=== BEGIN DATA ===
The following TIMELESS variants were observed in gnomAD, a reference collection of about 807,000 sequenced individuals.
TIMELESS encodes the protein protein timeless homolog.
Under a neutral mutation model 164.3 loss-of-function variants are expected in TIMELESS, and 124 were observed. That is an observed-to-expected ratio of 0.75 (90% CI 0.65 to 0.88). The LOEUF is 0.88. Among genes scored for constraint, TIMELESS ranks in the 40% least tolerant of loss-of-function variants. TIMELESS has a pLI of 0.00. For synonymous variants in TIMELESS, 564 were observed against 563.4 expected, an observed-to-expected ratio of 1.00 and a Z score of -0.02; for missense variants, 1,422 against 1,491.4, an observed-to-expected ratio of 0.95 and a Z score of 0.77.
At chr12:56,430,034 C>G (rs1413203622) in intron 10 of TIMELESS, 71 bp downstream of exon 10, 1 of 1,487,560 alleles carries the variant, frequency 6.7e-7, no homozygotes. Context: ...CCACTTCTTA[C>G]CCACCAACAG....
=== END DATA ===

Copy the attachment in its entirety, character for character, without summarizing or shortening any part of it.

The following TIMELESS variants were observed in gnomAD, a reference collection of about 807,000 sequenced individuals.
TIMELESS encodes the protein protein timeless homolog.
Under a neutral mutation model 164.3 loss-of-function variants are expected in TIMELESS, and 124 were observed. That is an observed-to-expected ratio of 0.75 (90% CI 0.65 to 0.88). The LOEUF is 0.88. Among genes scored for constraint, TIMELESS ranks in the 40% least tolerant of loss-of-function variants. TIMELESS has a pLI of 0.00. For synonymous variants in TIMELESS, 564 were observed against 563.4 expected, an observed-to-expected ratio of 1.00 and a Z score of -0.02; for missense variants, 1,422 against 1,491.4, an observed-to-expected ratio of 0.95 and a Z score of 0.77.
At chr12:56,430,034 C>G (rs1413203622) in intron 10 of TIMELESS, 71 bp downstream of exon 10, 1 of 1,487,560 alleles carries the variant, frequency 6.7e-7, no homozygotes. Context: ...CCACTTCTTA[C>G]CCACCAACAG....